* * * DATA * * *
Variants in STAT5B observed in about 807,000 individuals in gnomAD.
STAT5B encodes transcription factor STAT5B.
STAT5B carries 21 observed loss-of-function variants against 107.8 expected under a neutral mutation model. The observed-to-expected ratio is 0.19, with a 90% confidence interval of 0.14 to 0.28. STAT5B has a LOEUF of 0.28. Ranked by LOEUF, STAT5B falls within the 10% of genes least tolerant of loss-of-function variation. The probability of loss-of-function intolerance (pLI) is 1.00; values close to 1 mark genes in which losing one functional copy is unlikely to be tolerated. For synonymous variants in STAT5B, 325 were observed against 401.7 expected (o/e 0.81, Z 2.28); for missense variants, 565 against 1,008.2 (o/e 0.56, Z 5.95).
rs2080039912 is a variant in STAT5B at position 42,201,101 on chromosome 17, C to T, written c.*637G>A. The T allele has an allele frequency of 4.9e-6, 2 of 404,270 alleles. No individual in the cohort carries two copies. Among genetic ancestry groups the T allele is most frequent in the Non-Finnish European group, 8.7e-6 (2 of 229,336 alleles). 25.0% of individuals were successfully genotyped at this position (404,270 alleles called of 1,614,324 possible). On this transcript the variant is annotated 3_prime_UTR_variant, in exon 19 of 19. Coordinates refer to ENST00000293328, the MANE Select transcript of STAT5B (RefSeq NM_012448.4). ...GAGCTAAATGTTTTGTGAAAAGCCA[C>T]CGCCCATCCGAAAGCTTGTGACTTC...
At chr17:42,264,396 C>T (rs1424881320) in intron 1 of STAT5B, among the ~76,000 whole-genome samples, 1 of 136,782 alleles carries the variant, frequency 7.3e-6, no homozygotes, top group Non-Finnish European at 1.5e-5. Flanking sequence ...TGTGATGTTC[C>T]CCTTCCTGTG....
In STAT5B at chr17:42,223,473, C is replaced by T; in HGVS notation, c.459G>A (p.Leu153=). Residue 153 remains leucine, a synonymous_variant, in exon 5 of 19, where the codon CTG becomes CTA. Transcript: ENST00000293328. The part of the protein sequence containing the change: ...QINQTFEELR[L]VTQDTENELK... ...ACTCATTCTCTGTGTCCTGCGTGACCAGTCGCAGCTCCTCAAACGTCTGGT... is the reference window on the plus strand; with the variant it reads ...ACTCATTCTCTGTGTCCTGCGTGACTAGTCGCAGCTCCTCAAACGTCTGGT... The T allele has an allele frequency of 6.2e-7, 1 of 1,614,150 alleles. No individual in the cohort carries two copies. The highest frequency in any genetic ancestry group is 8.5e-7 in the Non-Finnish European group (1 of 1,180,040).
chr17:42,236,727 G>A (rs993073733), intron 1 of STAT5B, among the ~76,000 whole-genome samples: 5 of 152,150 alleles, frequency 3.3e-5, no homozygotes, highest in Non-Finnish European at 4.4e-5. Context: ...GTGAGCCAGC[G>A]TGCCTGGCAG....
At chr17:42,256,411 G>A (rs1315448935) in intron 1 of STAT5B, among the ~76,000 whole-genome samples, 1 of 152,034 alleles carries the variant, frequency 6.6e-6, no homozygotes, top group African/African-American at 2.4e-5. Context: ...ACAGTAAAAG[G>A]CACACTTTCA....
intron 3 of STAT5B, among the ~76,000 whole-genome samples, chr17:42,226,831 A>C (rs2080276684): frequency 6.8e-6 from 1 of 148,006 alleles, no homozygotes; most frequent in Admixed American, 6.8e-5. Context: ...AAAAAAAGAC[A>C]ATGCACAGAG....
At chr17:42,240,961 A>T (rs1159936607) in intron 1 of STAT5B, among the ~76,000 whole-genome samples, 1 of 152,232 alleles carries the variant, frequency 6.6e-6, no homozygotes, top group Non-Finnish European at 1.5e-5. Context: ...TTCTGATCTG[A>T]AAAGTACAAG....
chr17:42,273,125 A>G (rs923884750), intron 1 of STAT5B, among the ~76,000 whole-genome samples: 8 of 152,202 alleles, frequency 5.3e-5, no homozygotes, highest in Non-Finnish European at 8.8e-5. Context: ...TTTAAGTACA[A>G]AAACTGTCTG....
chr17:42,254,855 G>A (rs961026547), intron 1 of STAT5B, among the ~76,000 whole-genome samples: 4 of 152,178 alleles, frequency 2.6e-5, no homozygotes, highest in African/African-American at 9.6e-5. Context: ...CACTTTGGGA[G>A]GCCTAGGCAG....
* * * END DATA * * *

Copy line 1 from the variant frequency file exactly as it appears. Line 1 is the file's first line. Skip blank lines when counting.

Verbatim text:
Variants in STAT5B observed in about 807,000 individuals in gnomAD.